Antiqua Print Gallery Union Pacific Railroad
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Union Pacific Railroad

The Union Pacific Railroad was incorporated on July 1, 1862 in the wake of the Pacific Railroad Act of 1862. Under the guidance of its dominant stockholder Dr. Thomas Clark Durant, the namesake of the city of Durant, Iowa, the first rails were laid in Omaha, Nebraska. They were part of the railroads that came together at Promontory Summit, Utah, in 1869 as the first transcontinental railroad in North America. Subsequently, UP took over three Mormon-built roads: the Utah Central Rail Road extending south from Ogden, Utah, to Salt Lake City, the Utah Southern Railroad extending south from Salt Lake City into the Utah Valley, and the Utah Northern Railroad extending north from Ogden into Idaho; and it built or absorbed local lines that gave it access to Denver and to Portland, Oregon, and the Pacific Northwest. It acquired the Kansas Pacific (originally called the Union Pacific, Eastern Division, though in essence a separate railroad). It also owned narrow gauge trackage into the heart of the Colorado Rockies and a standard gauge line south from Denver across New Mexico into Texas (both parts of the Union Pacific, Denver and Gulf Railway).
UP was entangled in the Crédit Mobilier scandal of 1872. Its early troubles led to bankruptcy during the 1870s, the result of which was reorganization of the Union Pacific Railroad as the Union Pacific Railway on January 24, 1880, with its dominant stockholder being Jay Gould. The new company also declared bankruptcy, in 1893, but emerged on July 1, 1897, reverting to the original name, Union Pacific Railroad. Such minor changes in corporate titles were a common result of reorganization after bankruptcy among American railroads. This period saw the UP sell off some of its holdings; the Union Pacific Railway, Central Branch became the Central Branch of the Missouri Pacific Railroad and the Southern Branch was acquired by the newly-incorporated Missouri Kansas Texas Railroad in 1870. However, the UP soon recovered, and was strong enough to take control of Southern Pacific Railroad (SP) in 1901 and then was ordered in 1913 by the U.S. Supreme Court to surrender control of the same.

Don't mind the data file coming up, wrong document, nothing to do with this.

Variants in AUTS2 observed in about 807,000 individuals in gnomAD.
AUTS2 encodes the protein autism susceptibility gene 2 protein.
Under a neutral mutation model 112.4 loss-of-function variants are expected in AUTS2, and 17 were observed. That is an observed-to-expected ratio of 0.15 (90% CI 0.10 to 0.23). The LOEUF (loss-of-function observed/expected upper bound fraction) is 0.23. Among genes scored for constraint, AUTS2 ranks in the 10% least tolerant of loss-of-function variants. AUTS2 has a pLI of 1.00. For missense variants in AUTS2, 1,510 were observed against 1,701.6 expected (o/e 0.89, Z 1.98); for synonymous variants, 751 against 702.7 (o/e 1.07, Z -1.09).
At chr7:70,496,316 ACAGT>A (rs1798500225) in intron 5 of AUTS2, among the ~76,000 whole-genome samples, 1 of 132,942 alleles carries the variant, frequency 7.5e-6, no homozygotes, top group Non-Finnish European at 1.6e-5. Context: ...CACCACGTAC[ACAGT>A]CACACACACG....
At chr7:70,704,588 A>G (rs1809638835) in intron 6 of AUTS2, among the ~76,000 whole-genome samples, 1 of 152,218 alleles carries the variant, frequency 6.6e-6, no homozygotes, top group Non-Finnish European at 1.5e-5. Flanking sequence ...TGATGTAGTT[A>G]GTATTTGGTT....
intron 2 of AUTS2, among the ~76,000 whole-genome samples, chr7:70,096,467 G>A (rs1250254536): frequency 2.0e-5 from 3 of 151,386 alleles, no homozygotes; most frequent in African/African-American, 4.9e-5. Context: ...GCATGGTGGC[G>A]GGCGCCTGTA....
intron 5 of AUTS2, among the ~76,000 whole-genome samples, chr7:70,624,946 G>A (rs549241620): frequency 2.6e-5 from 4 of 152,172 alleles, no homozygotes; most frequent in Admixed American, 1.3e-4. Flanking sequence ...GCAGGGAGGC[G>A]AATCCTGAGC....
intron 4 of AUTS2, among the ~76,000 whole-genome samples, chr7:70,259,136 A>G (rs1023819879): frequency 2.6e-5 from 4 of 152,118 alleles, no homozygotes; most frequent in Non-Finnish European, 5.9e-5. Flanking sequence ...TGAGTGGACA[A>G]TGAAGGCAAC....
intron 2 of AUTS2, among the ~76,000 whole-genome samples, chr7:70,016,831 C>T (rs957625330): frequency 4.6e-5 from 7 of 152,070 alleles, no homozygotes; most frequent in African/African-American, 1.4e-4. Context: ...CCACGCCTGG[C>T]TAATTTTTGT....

(Source Wikipedia)